Walking home through Bristol last night after Friday drinks with philosophers, Toby and I had occasion to stop by the waterside and eat a late dinner. More specifically, Toby ate while I, having stolen some of his hot chips, wandered over to say hello to a very patient police horse. His female rider was keeping him at a standstill near where we were sitting, chatting to her three male colleagues, all of whom were on foot. Given that this was a busy part of town at a busy time of night, there was a near-constant stream of civilians wandering past, most of whom stopped to give the horse, whose name was Imperial, a pat on the neck or nose.
As I walked up, two young men in hoodies were doing just this – or rather, one of them was. The other was keeping a nervous distance, fists clenching and unclenching as he bounced on the balls of his feet, clearly wanting to be off. The policemen were teasing him about this, which he took in good humour, but not for the reason I first thought. His friend was content to pat the horse, chatting to the policewoman rider.
‘Is this Imperial?’ he asked. She confirmed that it was. To my surprise, he then asked after two other police horses by name – apparently, this was their usual beat. The policewoman laughed and said that one of them had a new route, while the other was getting old, with a sore back.
‘Sarge will have a plod ’round on him,’ she said, grinning.
At this point, the man turned to his nervous friend and rolled his eyes.
‘Come on, mate – he’s harmless. Pat the horse!’
‘Bloody hell.’ He shook his head, turning to me. ‘Man’s a soldier, and he’s scared of horses. Thinks they have eyes like sharks.’
‘They do!’ the friend insisted. Nearby, the policemen laughed, and I realised this was what they’d been teasing him about. ‘Can we please go for a drink now? Another drink?’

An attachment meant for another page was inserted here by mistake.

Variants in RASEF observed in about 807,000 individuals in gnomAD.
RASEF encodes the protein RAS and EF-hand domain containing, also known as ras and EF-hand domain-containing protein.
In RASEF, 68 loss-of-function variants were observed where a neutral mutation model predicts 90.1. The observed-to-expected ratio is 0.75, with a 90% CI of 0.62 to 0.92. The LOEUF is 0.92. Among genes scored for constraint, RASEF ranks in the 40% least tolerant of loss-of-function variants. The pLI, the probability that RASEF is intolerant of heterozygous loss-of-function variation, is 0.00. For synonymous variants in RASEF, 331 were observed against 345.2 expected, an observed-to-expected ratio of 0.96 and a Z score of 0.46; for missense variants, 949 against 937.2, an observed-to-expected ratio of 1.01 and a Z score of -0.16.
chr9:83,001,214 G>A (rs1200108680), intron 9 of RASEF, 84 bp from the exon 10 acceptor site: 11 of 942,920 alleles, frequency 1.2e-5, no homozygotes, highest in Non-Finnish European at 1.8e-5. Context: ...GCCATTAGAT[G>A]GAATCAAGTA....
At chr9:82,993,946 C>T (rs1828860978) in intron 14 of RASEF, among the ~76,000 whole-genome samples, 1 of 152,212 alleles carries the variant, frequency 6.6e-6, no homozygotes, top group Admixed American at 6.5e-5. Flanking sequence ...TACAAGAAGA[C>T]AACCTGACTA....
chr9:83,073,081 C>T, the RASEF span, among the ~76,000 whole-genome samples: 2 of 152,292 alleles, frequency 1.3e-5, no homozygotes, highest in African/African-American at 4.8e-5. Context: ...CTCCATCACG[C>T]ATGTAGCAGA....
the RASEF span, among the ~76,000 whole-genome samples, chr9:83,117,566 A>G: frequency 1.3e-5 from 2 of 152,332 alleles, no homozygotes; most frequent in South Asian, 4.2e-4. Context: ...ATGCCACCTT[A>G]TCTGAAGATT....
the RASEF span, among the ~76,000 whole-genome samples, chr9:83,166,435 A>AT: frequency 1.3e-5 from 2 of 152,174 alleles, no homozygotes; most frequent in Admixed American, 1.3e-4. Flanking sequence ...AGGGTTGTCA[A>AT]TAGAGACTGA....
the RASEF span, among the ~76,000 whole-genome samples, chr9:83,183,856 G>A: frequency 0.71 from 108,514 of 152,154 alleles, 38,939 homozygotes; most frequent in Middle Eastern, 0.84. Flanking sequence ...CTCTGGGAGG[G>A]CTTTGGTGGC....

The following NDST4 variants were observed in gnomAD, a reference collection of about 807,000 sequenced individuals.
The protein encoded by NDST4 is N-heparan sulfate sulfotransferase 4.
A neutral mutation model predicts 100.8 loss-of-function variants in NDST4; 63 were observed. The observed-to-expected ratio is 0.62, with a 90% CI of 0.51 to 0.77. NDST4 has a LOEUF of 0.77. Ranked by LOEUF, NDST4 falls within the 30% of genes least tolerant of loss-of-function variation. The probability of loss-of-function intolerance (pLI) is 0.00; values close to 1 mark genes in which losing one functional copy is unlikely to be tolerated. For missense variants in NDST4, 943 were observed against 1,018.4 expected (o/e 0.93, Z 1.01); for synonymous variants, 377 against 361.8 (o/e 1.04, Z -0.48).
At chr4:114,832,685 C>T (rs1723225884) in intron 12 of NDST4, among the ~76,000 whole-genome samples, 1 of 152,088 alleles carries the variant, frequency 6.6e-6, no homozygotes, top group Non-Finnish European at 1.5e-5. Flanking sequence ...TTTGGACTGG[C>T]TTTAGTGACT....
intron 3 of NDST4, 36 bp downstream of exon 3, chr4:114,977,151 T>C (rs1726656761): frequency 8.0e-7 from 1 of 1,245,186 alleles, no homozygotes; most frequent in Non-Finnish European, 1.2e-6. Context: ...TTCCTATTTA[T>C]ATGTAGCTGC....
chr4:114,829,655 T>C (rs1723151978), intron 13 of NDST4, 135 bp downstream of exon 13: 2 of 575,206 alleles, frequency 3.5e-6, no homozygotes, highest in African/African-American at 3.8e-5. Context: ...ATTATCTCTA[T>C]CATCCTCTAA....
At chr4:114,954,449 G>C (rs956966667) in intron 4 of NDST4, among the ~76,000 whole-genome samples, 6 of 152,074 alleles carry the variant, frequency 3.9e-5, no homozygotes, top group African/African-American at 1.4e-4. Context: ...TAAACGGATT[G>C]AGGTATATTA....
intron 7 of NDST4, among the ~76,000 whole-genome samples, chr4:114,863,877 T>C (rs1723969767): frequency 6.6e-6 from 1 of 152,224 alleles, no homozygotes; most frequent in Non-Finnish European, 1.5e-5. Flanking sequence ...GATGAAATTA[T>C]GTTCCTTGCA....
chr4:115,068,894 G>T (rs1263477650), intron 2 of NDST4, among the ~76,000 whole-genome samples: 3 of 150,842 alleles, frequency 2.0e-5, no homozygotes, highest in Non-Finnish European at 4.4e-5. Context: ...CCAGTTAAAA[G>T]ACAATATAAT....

‘Not until you pat the horse!’
‘You’re soldiers?’ I asked him. He reached up and stroked Imperial’s nose.
‘Yeah, both of us.’
‘Where have you been?’
‘Well, that sucks.’
He smiled, a bit sadly. ‘Yeah. It does.’ Then he sighed, indicating his mate. ‘Bloody Afghanistan, and he’s still scared of horses!’
‘Come on,’ I said to the friend, ‘look, he’s perfectly safe. Drunk girls are patting him! I’m patting him! Not so long ago, being a soldier would’ve meant riding one of these!’
His eyes widened, head shaking. ‘No way! He’s all…all huge and hoof-y! He’s bigger than me! Can we please just get another drink?’ This last to his fearless friend.
‘Pat the horse, mate,’ one of the policemen said, ‘and then he’ll buy you the drink.’
The soldier looked between them, still uncertain.
‘Go on,’ his friend said. ‘Face your fears.’
He looked at the policewoman rider, and at me.
‘I’ll get bitten.’
‘You’ve got more chance of being bitten by a dog,’ I said, ‘and those are much smaller.’
‘Here,’ said the rider, tapping Imperial’s shoulder, ‘pat him here. Even if he wanted, he couldn’t reach to bite you.’
The soldier closed his eyes, inhaled, opened them again and lunged briefly forwards, arm outstretched to its fullest extent. His fingertips brushed the horse’s shoulder.
Everyone cheered. He grinned, and his mate threw an arm around his shoulder.
‘Come on. I’ll buy you that drink.’